Roderick’s first big break was as Assistant Conductor of the Alabama Symphony Orchestra. From there he was accepted to the prestigious Aspen Music Festival & School, where footage captures him practicing for the Robert J. Harth Conducting Prize, which he was awarded and led to a conducting fellowship and national recognition. After Aspen, Roderick was invited to join the groundbreaking Project Inclusion Conducting Fellowship with the Chicago Sinfonietta, a professional orchestra focused on promoting diversity and inclusion. Then, in 2015, the camera follows Roderick as he arrives in Minneapolis for what will be a transformative opportunity. We see him prepare for his audition as assistant conductor with the Minnesota Orchestra, a coveted position that he won with accolades. From the moment he made his acclaimed debut as Associate Conductor, Roderick was making waves. A performance video of him conducting Tchaikovsky’s Symphony No. 4 went viral, reaching over 8 million viewers.

There are numerous high points for both Roderick and the Minnesota Orchestra in 2017, which include Roderick’s two successful subscription concerts, showcasing his musicality, and the Send Me Hope concert, a collaboration of the Orchestra with local singers and African American church choirs. The rehearsal and live performances for these performances were filmed for the documentary. The Send Me Hope concert’s message of unity, healing, and inspiration was moving, and the performance demonstrated the power of music to connect people of different traditions and backgrounds.

Roderick’s tenure with Minnesota ended in 2018, but the impact of his time there still resonates. For Roderick, his experience with this world-class orchestra and support from the musicians and management helped hone his skills, making possible his further advancement. For Minnesota, Roderick brought his artistry to the Orchestra and in the process promoted the importance of inclusion and of expanding the orchestra’s reach into new communities.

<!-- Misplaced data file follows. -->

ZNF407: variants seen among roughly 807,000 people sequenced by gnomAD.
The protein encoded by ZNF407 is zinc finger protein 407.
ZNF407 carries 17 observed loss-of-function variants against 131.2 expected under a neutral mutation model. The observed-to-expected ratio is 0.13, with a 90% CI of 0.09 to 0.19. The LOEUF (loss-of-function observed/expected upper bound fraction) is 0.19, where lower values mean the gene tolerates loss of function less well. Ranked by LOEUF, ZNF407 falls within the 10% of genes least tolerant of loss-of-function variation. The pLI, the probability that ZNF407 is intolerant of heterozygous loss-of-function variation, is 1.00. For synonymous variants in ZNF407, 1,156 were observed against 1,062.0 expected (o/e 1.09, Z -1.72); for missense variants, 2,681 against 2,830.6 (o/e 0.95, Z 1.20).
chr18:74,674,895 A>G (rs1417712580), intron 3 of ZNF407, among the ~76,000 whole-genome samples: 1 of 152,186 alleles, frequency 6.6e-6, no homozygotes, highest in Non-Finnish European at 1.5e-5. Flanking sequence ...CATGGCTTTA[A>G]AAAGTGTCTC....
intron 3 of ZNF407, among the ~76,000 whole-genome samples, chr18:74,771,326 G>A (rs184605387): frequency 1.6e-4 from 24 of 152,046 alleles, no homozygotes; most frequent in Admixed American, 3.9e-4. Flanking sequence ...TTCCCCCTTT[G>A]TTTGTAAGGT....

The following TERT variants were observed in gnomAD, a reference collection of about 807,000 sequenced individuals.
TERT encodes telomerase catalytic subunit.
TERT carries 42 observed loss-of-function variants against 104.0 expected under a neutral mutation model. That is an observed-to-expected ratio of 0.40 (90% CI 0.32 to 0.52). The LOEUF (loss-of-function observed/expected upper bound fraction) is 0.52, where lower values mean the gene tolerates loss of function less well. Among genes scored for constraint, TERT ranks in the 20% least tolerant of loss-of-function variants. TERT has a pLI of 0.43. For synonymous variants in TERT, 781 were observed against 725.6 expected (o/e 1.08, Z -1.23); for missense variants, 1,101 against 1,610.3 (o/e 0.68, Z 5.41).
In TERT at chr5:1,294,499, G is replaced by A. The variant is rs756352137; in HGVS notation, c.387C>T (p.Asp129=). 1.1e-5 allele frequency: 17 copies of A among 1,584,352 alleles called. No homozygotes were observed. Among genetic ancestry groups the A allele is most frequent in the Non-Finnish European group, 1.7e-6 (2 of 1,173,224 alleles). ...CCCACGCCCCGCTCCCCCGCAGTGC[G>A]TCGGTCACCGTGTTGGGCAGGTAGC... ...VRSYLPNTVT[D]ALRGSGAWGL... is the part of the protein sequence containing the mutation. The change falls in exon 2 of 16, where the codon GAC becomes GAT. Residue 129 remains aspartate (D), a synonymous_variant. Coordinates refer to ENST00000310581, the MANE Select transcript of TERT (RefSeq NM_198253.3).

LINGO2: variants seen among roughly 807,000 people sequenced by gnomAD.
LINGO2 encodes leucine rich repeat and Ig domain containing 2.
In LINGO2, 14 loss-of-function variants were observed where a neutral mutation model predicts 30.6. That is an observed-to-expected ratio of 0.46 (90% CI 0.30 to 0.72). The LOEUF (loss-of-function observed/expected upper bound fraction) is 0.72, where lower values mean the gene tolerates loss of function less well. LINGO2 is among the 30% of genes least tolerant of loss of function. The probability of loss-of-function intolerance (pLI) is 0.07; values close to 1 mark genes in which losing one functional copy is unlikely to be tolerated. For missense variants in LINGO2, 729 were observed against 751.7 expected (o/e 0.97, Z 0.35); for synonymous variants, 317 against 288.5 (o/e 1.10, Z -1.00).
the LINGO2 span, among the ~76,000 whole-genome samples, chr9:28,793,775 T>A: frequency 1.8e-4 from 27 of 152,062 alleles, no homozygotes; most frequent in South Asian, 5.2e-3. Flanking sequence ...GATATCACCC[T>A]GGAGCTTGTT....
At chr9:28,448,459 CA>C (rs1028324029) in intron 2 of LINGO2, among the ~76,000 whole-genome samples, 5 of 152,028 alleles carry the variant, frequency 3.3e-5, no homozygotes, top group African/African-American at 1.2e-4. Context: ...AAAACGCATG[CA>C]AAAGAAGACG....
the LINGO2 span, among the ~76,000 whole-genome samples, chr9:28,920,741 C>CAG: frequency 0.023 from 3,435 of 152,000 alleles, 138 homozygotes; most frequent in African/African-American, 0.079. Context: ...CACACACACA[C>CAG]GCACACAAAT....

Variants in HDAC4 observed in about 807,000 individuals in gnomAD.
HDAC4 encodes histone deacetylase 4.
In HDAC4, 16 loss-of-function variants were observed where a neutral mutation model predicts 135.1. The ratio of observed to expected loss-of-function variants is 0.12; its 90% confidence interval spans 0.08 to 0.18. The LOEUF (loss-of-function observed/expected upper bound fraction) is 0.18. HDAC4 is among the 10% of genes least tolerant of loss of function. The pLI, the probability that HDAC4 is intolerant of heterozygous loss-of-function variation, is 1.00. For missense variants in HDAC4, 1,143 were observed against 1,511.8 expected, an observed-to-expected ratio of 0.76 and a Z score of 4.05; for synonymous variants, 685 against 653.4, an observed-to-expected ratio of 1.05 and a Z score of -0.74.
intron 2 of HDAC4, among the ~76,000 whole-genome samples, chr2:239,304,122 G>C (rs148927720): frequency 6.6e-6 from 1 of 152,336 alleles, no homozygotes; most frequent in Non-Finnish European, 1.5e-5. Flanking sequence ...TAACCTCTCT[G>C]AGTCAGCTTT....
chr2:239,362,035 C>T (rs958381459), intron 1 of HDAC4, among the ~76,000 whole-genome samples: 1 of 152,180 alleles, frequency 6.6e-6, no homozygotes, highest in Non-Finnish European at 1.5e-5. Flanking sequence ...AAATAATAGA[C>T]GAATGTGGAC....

Roderick’s star has continued to rise. He won the 2018 Sir Georg Solti Conducting Prize, one of the most prestigious awards for young conductors, and he was chosen as one of four participants for the highly selective Daniele Gatti Masterclass with the Royal Concertgebouw Orchestra in Amsterdam. He is currently living in Berlin and guest conducting around the world. Final filming for the documentary will follow Roderick into the next phase of his adventure—still to be determined—perhaps guest conducting or maybe even auditioning for and achieving his dream job as music director of a major orchestra.

I set out on this journey to make great music with great artists. I realized no matter what happens, I know my purpose in life. There’s no turning back. – Roderick Cox

Why This Documentary

At this moment in our country’s history, as we reckon with the inequities of race, class and ethnicity, there are renewed efforts to confront injustice and foster inclusion. Through Roderick’s story, we shine a light on the challenges facing minority musicians and ask what the classical music community is doing to increase opportunities and to achieve diversity and equity. Roderick’s passion for music, his hard work, and single-minded focus also provide a strong message for both young and adult audiences. His presence on the podium is a transcendent moment for youth attending one of his concerts; Roderick’s achievements give hope to young musicians, inspiring them to pursue their dreams in the arts.


Film Trailer

The Scholarship Program

Learning how to play an instrument is an expensive endeavor. The average new instrument can cost between $1,500-$5,000. This does not include the cost of music lessons and on-going instrument maintenance. For many kids of color who have an interest in music, the cost can be prohibitive. Providing scholarship funds eases the financial burden for qualifying families. The Otis Redding Foundation granted Roderick a scholarship for his first instrument, and now the Roderick Cox Music Initiative is aiming to pay it forward by granting scholarships to tomorrow’s leaders.

The initiative will fund approximately 24 scholarships over three years. The Initiative has awarded music scholarships to two Twin Cities non-profit music arts organizations, which include the Walker West Music Academy in St. Paul and the MacPhail Center for Music in Minneapolis. These organizations will grant and execute the music scholarships over the next year.

See Roderick In Action